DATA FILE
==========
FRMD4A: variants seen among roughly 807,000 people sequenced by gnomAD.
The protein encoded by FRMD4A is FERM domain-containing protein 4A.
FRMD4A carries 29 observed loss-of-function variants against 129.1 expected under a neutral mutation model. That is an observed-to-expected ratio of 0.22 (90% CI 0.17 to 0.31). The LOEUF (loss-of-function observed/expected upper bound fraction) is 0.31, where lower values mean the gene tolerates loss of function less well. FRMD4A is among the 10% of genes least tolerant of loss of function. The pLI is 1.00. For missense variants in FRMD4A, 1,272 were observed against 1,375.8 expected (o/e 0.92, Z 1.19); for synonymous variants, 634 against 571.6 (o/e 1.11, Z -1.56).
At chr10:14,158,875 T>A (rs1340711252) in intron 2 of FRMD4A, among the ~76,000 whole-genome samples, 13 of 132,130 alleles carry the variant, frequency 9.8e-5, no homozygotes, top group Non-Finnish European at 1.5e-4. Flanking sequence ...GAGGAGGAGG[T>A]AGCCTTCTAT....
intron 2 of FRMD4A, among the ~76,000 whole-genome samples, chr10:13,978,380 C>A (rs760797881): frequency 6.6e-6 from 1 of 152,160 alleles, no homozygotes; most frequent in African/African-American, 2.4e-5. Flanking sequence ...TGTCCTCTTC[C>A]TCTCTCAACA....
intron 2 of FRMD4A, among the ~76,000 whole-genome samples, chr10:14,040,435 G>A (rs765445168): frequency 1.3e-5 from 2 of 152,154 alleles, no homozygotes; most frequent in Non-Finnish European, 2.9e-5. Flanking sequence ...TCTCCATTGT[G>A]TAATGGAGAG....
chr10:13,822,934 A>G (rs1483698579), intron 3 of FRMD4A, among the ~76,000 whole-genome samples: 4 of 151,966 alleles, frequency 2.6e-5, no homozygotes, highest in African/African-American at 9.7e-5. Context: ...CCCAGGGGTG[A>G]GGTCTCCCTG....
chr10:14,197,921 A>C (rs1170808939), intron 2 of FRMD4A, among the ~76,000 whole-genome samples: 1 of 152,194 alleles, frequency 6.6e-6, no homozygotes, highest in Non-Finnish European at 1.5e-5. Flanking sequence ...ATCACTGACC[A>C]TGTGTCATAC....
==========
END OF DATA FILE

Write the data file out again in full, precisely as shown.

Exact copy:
FRMD4A: variants seen among roughly 807,000 people sequenced by gnomAD.
The protein encoded by FRMD4A is FERM domain-containing protein 4A.
FRMD4A carries 29 observed loss-of-function variants against 129.1 expected under a neutral mutation model. That is an observed-to-expected ratio of 0.22 (90% CI 0.17 to 0.31). The LOEUF (loss-of-function observed/expected upper bound fraction) is 0.31, where lower values mean the gene tolerates loss of function less well. FRMD4A is among the 10% of genes least tolerant of loss of function. The pLI is 1.00. For missense variants in FRMD4A, 1,272 were observed against 1,375.8 expected (o/e 0.92, Z 1.19); for synonymous variants, 634 against 571.6 (o/e 1.11, Z -1.56).
At chr10:14,158,875 T>A (rs1340711252) in intron 2 of FRMD4A, among the ~76,000 whole-genome samples, 13 of 132,130 alleles carry the variant, frequency 9.8e-5, no homozygotes, top group Non-Finnish European at 1.5e-4. Flanking sequence ...GAGGAGGAGG[T>A]AGCCTTCTAT....
intron 2 of FRMD4A, among the ~76,000 whole-genome samples, chr10:13,978,380 C>A (rs760797881): frequency 6.6e-6 from 1 of 152,160 alleles, no homozygotes; most frequent in African/African-American, 2.4e-5. Flanking sequence ...TGTCCTCTTC[C>A]TCTCTCAACA....
intron 2 of FRMD4A, among the ~76,000 whole-genome samples, chr10:14,040,435 G>A (rs765445168): frequency 1.3e-5 from 2 of 152,154 alleles, no homozygotes; most frequent in Non-Finnish European, 2.9e-5. Flanking sequence ...TCTCCATTGT[G>A]TAATGGAGAG....
chr10:13,822,934 A>G (rs1483698579), intron 3 of FRMD4A, among the ~76,000 whole-genome samples: 4 of 151,966 alleles, frequency 2.6e-5, no homozygotes, highest in African/African-American at 9.7e-5. Context: ...CCCAGGGGTG[A>G]GGTCTCCCTG....
chr10:14,197,921 A>C (rs1170808939), intron 2 of FRMD4A, among the ~76,000 whole-genome samples: 1 of 152,194 alleles, frequency 6.6e-6, no homozygotes, highest in Non-Finnish European at 1.5e-5. Flanking sequence ...ATCACTGACC[A>C]TGTGTCATAC....